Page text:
Each rifle had a two-piece hardwood stock with a wood hand guard covering the forward part of the barrel and the gas tube. The woods were plain walnut and birch. The safety consisted of a lever located to the right front of the trigger guard. In the safe position it partially obscured the trigger opening, which was more obvious for right handers. Both bolts had a serrated white plastic covering on the bolt knob. The actions were solid, well-made, nicely machined items that looked to be extremely strong. There were no plastic nor flimsy metal parts anywhere on either rifle. These were serious war-time rifles made to work and to last.

Takedown for these rifles was remarkably simple. After clearing the rifle, remove the magazine and let the slide go forward. Then slide the large button at the rear of the receiver downward, toward the wrist of the rifle. Press forward on the top-rear portion of the action, which is the cover, and when it moves just over half an inch toward the front of the rifle it can be lifted off toward the rear, releasing tension on the recoil spring. Then slide the bolt carrier rearward until the bolt and carrier are all the way back, and they can then be lifted out. That's it. With a normal cleaning rod the barrel must be cleaned from the front. For reassembly reverse the process. You have to fight the spring a bit, but it's an easy job. If you have to remove the trigger assembly, you'll need a screwdriver to remove a slotted screw at the rear of the trigger guard.

Largely because of extremely poor winter weather, we tested the two rifles with one type of ammo each. For the Model 1949 we used Serbian Prvi Partizan 139-grain FMJ, and for the 1949-56 we used Magtech 150-grain FMC. Here's what we found.

7.62x39mm Semiautos: Three Alternatives to the AR-15 Rifle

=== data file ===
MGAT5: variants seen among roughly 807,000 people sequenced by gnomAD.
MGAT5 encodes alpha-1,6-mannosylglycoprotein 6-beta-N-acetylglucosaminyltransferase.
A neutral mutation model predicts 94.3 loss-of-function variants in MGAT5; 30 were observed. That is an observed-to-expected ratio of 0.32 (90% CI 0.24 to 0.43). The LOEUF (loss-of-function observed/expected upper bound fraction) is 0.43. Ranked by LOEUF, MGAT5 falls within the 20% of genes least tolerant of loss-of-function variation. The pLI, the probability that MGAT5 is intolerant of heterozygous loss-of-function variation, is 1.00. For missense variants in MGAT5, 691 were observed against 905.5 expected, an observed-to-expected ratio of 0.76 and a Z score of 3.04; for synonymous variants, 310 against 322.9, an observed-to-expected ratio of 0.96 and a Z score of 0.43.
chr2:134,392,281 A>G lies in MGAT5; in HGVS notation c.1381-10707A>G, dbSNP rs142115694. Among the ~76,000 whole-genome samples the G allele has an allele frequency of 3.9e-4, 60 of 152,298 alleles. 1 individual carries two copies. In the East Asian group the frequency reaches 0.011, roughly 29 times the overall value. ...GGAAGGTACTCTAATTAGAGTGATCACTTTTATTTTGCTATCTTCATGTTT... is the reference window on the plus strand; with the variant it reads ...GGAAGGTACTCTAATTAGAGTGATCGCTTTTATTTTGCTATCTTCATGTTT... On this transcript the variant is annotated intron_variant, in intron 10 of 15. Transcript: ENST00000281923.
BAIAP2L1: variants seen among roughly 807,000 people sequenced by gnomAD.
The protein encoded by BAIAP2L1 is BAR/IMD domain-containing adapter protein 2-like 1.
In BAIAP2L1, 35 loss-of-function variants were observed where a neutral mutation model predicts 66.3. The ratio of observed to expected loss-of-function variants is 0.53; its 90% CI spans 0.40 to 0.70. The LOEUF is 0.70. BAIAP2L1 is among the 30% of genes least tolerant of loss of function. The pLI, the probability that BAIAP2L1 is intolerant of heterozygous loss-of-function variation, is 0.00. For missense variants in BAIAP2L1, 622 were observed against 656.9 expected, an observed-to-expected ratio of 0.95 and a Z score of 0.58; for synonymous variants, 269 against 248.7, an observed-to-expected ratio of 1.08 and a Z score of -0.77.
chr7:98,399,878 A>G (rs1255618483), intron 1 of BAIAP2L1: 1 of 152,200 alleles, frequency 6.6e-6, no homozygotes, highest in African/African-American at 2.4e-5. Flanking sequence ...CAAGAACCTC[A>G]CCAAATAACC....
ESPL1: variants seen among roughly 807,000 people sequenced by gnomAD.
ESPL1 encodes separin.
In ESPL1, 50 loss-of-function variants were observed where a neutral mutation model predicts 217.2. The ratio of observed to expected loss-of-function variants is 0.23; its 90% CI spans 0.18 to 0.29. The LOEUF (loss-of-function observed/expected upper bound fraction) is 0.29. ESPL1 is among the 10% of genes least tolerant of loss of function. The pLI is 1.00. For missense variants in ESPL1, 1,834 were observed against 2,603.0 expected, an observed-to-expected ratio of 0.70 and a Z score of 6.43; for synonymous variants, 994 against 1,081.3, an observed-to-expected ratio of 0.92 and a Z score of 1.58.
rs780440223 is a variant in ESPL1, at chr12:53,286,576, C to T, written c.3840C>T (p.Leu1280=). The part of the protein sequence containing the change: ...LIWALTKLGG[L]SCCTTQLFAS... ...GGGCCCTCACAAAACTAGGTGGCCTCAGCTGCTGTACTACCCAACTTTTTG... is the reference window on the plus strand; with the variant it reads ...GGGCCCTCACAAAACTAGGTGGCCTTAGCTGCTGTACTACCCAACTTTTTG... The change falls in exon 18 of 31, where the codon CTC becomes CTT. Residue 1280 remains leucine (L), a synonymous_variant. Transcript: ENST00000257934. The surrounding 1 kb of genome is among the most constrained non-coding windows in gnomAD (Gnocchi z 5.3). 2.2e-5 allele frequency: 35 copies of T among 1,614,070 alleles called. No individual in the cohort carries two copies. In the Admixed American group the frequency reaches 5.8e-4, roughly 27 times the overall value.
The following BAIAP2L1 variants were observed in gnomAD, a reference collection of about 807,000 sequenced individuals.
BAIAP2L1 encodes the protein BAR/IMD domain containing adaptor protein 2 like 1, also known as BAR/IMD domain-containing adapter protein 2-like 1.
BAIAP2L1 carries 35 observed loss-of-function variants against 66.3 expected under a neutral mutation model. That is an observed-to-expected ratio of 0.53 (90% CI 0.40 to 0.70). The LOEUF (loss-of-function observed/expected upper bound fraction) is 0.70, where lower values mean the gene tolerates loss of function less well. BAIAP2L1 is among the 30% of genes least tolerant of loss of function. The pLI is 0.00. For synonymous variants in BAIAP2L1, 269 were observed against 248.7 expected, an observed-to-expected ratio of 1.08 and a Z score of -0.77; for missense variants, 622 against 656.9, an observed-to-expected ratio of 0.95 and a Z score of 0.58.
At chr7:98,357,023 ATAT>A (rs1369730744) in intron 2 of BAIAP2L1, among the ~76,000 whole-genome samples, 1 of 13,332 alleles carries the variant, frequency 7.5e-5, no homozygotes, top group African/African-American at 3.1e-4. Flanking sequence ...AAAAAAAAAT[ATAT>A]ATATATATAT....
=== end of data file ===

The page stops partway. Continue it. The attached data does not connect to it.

Interest in defensive carbines has grown so much that aftermarket catalogs such as Brownells (www.brownells.com), now mail a separate issue dedicated to the AR-15 platform. But the AR is not the only available long gun and 223 Remington/5.56mm is not the only round available for self defense-for instance, theres the 7.62x39mm. This round was developed by the Soviets circa 1943. According to some loading manuals, popularity of this cartridge in the United States saw a boom when GIs returning from Viet Nam brought home Communist Bloc weapons. Since then, other more American designs have been chambered for the 7.62x39mm. For example, our test weapons were the $966 Ruger K-Mini Thirty-P/20 No. 5853, and the AR-15 style DPMS Panther 16-inch 7.62x39mm No. RFA2-762-16 carbine, $850. Pitted alongside those two guns was a Standard SKS Type 56 with an aftermarket stock, the Advanced Technologies Incorporated Fiberforce unit. The addition of a synthetic stock has become a popular choice for those wanting to modernize their SKS rifles.[IMGCAP(1)]To perform our tests, we traveled to American Shooting Centers in Houston. Here we had our choice of benches facing towering berms at distances of 50 yards to 600 yards downrange. Since we would classify none of our test guns as match-grade target rifles and we would be firing with only the supplied iron sights, we set up at the 50-yard line. Our shooting team consisted of a third generation U.S. Marine on the trigger and an experienced spotter with a High Definition Swarovski Optik 10x42mm binocular to provide instant feedback without the shooter having to dismount.For test ammunition we began with three different rounds. Winchester USAs Q3174, Federals A76239A, American Eagle, and 124-grain soft point Military Classic ammunition from Wolf. The Winchester rounds were topped with a 123-grain full-metal-jacket bullet, and the American Eagles featured 124-grain FMJ slugs. But we were forced to switch from the Wolf soft points to Wolf 122-grain copper-jacket hollowpoints to complete our tests. Both of the Wolf rounds were Berdan primed and utilized steel cases. But we found that neither of our modern guns would reliably break the primer on the soft points. The only visual difference between the two Wolf rounds, aside from the bullets, was sealant surrounding the primer of the 122-grain ammunition. In contrast, our SKS shot reliably with every type of ammunition we could find.Accuracy data was collected by delivering 10 shots to the target. We then used a measuring technique that determined the center of the group. Our accuracy chart lists Average Group Radius, the average distance that each shot printed from dead center, Maximum Spread, the widest separation between dead center and a single shot, and Maximum Shot Radius. Average Group Radius and Maximum Spread were measured to the center of each bullet hole and these measurements express average group size and largest group, respectively. Maximum Shot Radius was measured from the furthest edge. If a circle was used to "lasso" every hit on target, Maximum Shot [IMGCAP(2)]Radius would equal the diameter of the circle.But theres more to a rifle than shooting from a bench. Here is what we learned.